A Lifelong Discovery: Autism-Am I Autistic? and Why it Matters.
It started when I was 15 in June 2012. But of course, evidence can be found throughout my life. So I was searching through articles about INTJs, when I stumbled across one comparing the similarities between Aspergers and INTJs. An inquisitive child that I am, I searched up “Aspergers” on the Internet. VOILA! And it hit me-I have Aspergers!
Well, actually, not quite: here why. But lets continue the story first. Since Grade 9, I knew I was different. But the question was in what way. At least half of my elementary school friends were people possessing Autism; I could actually relate to them, see through their eyes. And to my surprise, and relief, Aspergers was supposedly a form of Autism.
So I had autism... And taking a test on Aspergers resulted in it defining me as “Very likely an Aspie”. In fact, I scored 160 out of 200 for being an Aspie, and only 43/200 as an NT, the graph provided even shows me mostly on the Aspie side.
And being so demanding and arrogant, I continued to research. I view pages and opinions and essays regarding the definitions of Aspies, what classifies people as being one, traits of Neurotypicals, correlations between INTJs and Aspies. There are reasons why my first sites showed that I may possess aspergers: Similarities btwn me and Aspies, and there are a lot, include: Stimming, Lack of Eye contact, Thinking in Pictures (visual thinking), Possessing few friendships (in fact, I only carry one friendship from Primary to Secondary), extreme narrow interests, high intelligences in one specific subject (transit), sound sensitivity, most aspies not getting diagnosed until late teens, not participating in social situations, extreme stage frighteness, difficulty with verbal instructions, not understanding idioms and sarcasm and liking structure.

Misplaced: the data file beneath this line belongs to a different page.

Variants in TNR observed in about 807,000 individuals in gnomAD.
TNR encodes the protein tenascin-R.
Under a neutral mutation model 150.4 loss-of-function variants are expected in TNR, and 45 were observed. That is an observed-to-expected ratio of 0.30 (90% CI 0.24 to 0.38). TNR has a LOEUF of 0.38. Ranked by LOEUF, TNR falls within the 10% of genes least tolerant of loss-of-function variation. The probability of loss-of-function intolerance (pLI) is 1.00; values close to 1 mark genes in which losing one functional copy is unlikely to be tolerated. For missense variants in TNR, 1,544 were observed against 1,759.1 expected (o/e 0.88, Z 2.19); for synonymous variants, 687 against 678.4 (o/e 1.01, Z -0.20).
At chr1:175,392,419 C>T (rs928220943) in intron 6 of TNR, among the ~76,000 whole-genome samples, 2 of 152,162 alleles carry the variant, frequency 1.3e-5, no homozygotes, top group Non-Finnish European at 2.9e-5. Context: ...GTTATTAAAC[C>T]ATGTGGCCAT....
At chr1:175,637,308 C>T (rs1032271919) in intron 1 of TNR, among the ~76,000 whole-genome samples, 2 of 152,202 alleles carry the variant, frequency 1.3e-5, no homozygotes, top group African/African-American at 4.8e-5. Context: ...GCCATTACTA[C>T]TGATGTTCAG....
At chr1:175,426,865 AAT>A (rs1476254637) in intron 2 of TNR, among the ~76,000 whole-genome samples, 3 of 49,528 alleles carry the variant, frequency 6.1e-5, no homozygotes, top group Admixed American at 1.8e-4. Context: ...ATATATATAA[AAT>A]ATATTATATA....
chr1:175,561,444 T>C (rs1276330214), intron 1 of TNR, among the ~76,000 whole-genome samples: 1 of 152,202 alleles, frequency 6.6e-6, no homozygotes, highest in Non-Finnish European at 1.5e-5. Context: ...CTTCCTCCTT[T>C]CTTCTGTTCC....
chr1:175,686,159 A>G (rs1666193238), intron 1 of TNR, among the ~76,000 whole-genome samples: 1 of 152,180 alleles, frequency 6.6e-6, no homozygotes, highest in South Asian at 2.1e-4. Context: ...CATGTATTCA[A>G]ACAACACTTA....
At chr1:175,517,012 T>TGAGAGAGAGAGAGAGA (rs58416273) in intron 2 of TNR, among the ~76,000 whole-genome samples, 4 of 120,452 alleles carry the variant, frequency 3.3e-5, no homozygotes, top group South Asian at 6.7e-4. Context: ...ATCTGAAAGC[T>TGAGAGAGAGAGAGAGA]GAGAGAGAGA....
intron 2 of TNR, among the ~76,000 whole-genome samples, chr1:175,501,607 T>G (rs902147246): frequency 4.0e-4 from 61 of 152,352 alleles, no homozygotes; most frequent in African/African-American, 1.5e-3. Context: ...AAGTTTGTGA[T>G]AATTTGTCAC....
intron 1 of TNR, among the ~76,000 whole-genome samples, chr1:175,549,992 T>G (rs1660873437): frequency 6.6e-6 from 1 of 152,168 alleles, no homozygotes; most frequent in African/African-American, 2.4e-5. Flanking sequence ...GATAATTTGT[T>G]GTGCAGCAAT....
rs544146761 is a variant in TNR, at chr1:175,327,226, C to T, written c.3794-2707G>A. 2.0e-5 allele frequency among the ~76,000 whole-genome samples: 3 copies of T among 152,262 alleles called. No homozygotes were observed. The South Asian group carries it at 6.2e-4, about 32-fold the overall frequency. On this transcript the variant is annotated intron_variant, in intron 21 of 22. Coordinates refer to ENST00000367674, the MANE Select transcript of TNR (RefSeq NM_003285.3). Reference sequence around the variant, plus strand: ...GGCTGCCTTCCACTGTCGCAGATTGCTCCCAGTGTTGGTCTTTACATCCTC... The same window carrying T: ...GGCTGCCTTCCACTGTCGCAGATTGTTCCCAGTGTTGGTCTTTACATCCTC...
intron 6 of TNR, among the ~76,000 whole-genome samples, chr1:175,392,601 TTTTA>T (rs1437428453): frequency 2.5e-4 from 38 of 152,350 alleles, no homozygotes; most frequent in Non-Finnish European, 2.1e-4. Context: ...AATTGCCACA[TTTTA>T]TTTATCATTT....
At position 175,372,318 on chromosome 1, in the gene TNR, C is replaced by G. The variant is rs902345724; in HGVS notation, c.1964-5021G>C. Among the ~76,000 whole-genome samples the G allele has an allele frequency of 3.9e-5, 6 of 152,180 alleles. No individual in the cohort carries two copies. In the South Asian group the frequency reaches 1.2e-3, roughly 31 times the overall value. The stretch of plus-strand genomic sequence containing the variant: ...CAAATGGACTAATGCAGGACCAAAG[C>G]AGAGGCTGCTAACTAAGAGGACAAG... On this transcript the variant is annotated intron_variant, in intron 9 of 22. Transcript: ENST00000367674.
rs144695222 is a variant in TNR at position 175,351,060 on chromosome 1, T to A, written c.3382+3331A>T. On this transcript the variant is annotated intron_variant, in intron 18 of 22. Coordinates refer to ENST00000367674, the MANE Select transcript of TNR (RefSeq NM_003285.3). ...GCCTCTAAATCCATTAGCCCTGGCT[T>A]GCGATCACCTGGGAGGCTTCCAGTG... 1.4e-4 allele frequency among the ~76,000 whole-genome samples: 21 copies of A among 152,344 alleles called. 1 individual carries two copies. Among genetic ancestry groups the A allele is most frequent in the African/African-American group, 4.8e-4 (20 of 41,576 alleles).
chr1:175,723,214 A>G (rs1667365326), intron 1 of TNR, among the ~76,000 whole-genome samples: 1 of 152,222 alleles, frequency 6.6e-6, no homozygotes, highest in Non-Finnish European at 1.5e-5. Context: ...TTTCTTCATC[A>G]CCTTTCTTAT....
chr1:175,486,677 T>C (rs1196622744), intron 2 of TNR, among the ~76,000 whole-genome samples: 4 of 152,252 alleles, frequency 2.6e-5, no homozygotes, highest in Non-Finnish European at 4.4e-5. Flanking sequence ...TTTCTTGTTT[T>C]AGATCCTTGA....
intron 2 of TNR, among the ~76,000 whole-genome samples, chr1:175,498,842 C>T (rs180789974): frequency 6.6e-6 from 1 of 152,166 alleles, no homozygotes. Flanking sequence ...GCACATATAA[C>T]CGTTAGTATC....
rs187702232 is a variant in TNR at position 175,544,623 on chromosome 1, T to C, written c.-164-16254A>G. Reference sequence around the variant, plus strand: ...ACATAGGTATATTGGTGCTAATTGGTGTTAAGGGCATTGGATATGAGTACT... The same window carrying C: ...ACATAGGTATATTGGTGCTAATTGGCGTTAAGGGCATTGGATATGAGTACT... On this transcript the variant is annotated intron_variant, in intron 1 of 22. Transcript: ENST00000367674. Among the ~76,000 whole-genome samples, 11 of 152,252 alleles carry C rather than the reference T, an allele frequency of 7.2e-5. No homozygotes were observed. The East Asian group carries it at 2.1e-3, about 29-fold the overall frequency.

But many things in the world come in cycles, or circles, and here was one that I beared in mind throughout my investigation: I started out (for 15 years) thinking: No, I do not have autism, then suddenly believing yes, but again thinking no. Truth be told, I really wanted to be an Asperger. It was only right that I have autism after all the commotion I experienced in primary, my great differences from peers of my age.
Yet on second discovery, though all those similarities, there was something (or 2 things) that really contrasted me from true Aspies. First, here is what I concluded: No, I do not possess Aspergers, but I have “Autistic Traits”. Through reading more analyses on the comparisons between NT’s and Auties, how people may misdiagnose themselves as possessing Aspergers, there was the main difference between people who think they Aspergers, and true legitimate positives. Here it is: There are people who cannot make friendships, cannot communicate, cannot understand facial expressions; and the people who voluntarily, or by choice, choose to stay away from conversations, who have the ability to make friendships but procrastinate and don’t, who have structure because it looks good in front of others, act dumb as if I don’t know who Justin Bieber is. . At this stage, I was the 2nd type, the one that voluntarily acts like an Aspie, so therefore, I was not a true positive.